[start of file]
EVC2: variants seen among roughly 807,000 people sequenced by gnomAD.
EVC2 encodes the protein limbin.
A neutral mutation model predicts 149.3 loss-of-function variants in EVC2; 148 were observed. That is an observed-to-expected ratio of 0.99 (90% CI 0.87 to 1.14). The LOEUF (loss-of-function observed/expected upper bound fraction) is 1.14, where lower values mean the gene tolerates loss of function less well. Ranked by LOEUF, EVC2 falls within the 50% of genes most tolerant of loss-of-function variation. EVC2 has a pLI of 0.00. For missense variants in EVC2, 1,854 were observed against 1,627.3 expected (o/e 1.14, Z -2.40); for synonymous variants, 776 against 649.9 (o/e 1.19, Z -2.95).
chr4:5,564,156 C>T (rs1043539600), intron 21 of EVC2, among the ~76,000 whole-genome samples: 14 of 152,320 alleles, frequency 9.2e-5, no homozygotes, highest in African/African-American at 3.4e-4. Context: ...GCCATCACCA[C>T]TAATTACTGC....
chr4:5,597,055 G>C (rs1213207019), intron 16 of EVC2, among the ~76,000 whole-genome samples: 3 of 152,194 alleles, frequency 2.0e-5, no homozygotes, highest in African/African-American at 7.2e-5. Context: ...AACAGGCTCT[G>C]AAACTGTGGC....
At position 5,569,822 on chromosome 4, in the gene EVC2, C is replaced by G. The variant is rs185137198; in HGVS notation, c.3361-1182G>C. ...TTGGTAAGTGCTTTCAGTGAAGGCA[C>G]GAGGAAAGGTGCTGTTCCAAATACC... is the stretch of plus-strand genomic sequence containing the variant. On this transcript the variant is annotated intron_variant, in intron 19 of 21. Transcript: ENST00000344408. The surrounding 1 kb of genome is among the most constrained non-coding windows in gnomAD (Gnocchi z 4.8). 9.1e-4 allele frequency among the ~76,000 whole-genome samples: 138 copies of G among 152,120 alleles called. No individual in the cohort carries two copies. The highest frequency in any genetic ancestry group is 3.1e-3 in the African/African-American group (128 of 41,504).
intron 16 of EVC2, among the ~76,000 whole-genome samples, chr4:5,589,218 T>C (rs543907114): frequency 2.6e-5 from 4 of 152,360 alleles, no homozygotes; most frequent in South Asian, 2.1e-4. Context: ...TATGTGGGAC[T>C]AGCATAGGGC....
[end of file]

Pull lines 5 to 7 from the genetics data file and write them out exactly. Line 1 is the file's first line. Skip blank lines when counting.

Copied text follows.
chr4:5,597,055 G>C (rs1213207019), intron 16 of EVC2, among the ~76,000 whole-genome samples: 3 of 152,194 alleles, frequency 2.0e-5, no homozygotes, highest in African/African-American at 7.2e-5. Context: ...AACAGGCTCT[G>C]AAACTGTGGC....
At position 5,569,822 on chromosome 4, in the gene EVC2, C is replaced by G. The variant is rs185137198; in HGVS notation, c.3361-1182G>C. ...TTGGTAAGTGCTTTCAGTGAAGGCA[C>G]GAGGAAAGGTGCTGTTCCAAATACC... is the stretch of plus-strand genomic sequence containing the variant. On this transcript the variant is annotated intron_variant, in intron 19 of 21. Transcript: ENST00000344408. The surrounding 1 kb of genome is among the most constrained non-coding windows in gnomAD (Gnocchi z 4.8). 9.1e-4 allele frequency among the ~76,000 whole-genome samples: 138 copies of G among 152,120 alleles called. No individual in the cohort carries two copies. The highest frequency in any genetic ancestry group is 3.1e-3 in the African/African-American group (128 of 41,504).
intron 16 of EVC2, among the ~76,000 whole-genome samples, chr4:5,589,218 T>C (rs543907114): frequency 2.6e-5 from 4 of 152,360 alleles, no homozygotes; most frequent in South Asian, 2.1e-4. Context: ...TATGTGGGAC[T>C]AGCATAGGGC....